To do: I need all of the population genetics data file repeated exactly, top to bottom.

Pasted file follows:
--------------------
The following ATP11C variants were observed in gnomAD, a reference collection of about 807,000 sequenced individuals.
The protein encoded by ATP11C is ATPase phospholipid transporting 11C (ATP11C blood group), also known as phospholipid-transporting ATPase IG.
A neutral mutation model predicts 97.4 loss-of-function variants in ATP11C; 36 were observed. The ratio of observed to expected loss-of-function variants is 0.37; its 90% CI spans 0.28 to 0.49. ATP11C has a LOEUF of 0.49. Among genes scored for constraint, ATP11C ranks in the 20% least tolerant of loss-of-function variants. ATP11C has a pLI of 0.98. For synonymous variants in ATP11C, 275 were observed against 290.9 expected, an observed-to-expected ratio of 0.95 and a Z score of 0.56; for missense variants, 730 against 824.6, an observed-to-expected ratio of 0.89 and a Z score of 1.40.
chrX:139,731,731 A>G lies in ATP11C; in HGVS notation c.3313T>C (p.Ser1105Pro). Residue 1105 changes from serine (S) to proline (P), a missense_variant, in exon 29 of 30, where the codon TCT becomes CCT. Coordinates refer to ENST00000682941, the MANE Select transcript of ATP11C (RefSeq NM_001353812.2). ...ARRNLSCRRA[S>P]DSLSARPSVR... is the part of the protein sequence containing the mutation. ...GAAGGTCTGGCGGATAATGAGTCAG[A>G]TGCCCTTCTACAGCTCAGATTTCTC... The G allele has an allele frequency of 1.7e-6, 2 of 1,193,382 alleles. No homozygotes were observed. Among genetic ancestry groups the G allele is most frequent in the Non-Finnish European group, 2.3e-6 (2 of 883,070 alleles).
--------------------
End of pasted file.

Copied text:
The following ATP11C variants were observed in gnomAD, a reference collection of about 807,000 sequenced individuals.
The protein encoded by ATP11C is ATPase phospholipid transporting 11C (ATP11C blood group), also known as phospholipid-transporting ATPase IG.
A neutral mutation model predicts 97.4 loss-of-function variants in ATP11C; 36 were observed. The ratio of observed to expected loss-of-function variants is 0.37; its 90% CI spans 0.28 to 0.49. ATP11C has a LOEUF of 0.49. Among genes scored for constraint, ATP11C ranks in the 20% least tolerant of loss-of-function variants. ATP11C has a pLI of 0.98. For synonymous variants in ATP11C, 275 were observed against 290.9 expected, an observed-to-expected ratio of 0.95 and a Z score of 0.56; for missense variants, 730 against 824.6, an observed-to-expected ratio of 0.89 and a Z score of 1.40.
chrX:139,731,731 A>G lies in ATP11C; in HGVS notation c.3313T>C (p.Ser1105Pro). Residue 1105 changes from serine (S) to proline (P), a missense_variant, in exon 29 of 30, where the codon TCT becomes CCT. Coordinates refer to ENST00000682941, the MANE Select transcript of ATP11C (RefSeq NM_001353812.2). ...ARRNLSCRRA[S>P]DSLSARPSVR... is the part of the protein sequence containing the mutation. ...GAAGGTCTGGCGGATAATGAGTCAG[A>G]TGCCCTTCTACAGCTCAGATTTCTC... The G allele has an allele frequency of 1.7e-6, 2 of 1,193,382 alleles. No homozygotes were observed. Among genetic ancestry groups the G allele is most frequent in the Non-Finnish European group, 2.3e-6 (2 of 883,070 alleles).